• task_struct: Represents a kernel schedulable task. Hooks for task_alloc, task_kill, task_fix_setuid.
  • IPC: Hooks for ipc_permission, msg_queue_msgrcv, shm_shmat, sem_semctl.
  • Networking: Socket-related hooks and more fine-grained hocks for IPv4, Unix domain sockets, netlink and other protocols
  • Module and system hooks: Module loading. System time, accessing kernel message ring. Hooks for Audit framework. Hooks for eBPF.

The existing Linux Security Modules as of 5.6

  • SELinux: The default MAC implementation on RedHat and Android. Consists of a LSM and a set of trusted services for administration.
  • SMACK: Attribute-based like SELinux. Simpler to administrate. The default in Automotive Grade Linux (AGL) and Tizen.
  • AppArmor: The default on Debian. Path-based. Rules can be created for any filesystem and for files that may not exist yet.
  • TOMOYO: Path-based.
  • LoadPin: Merged in Linux 4.7. A minor LSM. Ensures all kernel-loaded files originate from the same filesystem. Intended to simplify embedded systems that don’t need any of the kernel module signing infrastructure.
  • Yama: Intended to collect system-wide DAC security restrictions that are not handled by the core kernel. Currently used for reducing the scope of ptrace.
  • SafeSetID: Merged in Linux 5.1. Restricts UID/GID transistions.
  • LockDown: Merged in Linux 5.4. Disables unsigned module loading; access to /dev/{mem,kmem,port}; kexec of unsigned images; raw I/O access and more.

Vandanas presentation was a thorough introduction to the internals of the LSM framework. I just wished that I had a bit more background about how to use SELinux/SMACK/AppArmor before this session: many of the implementation details were lost on me. I asked her about advice on how to choose between the four major LSMs and she pointed me to the Tomoyo wiki Secure OS Comparison At a Glance.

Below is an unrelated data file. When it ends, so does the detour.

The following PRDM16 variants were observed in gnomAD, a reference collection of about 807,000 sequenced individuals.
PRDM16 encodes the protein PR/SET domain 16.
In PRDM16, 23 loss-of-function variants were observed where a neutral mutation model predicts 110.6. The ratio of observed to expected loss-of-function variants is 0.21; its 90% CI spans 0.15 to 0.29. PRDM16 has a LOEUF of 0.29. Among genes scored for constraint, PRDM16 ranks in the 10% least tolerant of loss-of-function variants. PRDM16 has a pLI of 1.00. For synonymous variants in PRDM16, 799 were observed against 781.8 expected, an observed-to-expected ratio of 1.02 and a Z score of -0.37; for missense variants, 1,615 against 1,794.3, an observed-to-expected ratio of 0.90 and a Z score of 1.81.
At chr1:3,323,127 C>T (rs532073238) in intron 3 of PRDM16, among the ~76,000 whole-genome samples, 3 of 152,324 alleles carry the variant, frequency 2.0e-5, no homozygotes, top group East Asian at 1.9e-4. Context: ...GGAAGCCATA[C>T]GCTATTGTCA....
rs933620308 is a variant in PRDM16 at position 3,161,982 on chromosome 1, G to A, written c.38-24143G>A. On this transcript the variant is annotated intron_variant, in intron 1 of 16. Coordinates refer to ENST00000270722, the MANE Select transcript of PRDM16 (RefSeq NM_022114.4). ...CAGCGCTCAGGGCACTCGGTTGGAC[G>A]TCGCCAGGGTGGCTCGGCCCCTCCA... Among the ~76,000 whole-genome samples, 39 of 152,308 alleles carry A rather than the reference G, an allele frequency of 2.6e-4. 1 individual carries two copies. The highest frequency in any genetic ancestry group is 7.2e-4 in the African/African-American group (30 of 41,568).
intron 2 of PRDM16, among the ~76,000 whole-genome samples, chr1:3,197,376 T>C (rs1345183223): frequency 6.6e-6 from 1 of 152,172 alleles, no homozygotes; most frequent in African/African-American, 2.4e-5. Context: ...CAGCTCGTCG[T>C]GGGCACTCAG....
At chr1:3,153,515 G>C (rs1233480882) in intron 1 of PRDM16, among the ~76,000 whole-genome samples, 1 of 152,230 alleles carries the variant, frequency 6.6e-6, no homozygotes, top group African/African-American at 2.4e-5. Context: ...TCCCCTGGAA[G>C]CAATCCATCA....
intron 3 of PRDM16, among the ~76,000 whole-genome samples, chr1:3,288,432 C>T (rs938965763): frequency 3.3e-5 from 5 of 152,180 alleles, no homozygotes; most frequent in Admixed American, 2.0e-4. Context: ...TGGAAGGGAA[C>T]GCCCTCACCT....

Hardware Hacking Hands-On

Colin O’Flynn

The hardware vendors have improved their security offerings through techniques such as TrustZone and Platform Security Architecture (PSA), but still there are a lot of exploits happening. So Colin asks: What went wrong?

  • Were solutions not deployed?
  • Were solutions misapplied?
  • Do the solutions work?

It’s the third, question in particular that he is interested in. With tools that he has developed he can investigate what’s going on inside the chip. PSA states that “advanced hardware invasive attacks” where the attacker can infer fuse settings or perform differential power analysis is out of scope. But the tools that Colin has developed are both cheap and easy to use! Whoa, that was news to me!

If you try to prevent access to your firmware by not adding pins headers for the JTAG signals, you’re very much out of luck. It’s very easy to figure out where those signals are located and solder on a pin header yourself.

Even if the MCU is hidden underneath a physical shield and the JTAG pins are not connected, the chip can still be desoldered with standard equipment.

If you have a shared key stored on the device, that key can be retrieved through Differential Power Analysis (DPA). By measuring power consumed, we can infer what data was present on a data bus. It involves sending in a known message, encrypting it and measuring the power consumed. It can be done very fast through devices such as the ChipWhisperer that Colin has developed. You can work around these types of exploits by using more expensive hardware or, the preferred way: By not placing shared keys on your devices and by using asymetric crypto for validation.

For part two Colin showed how to circumvent read protection by injecting faults through VCC glitches. He can get the hardware to jump over branches and access memory that shouldn’t be accessible.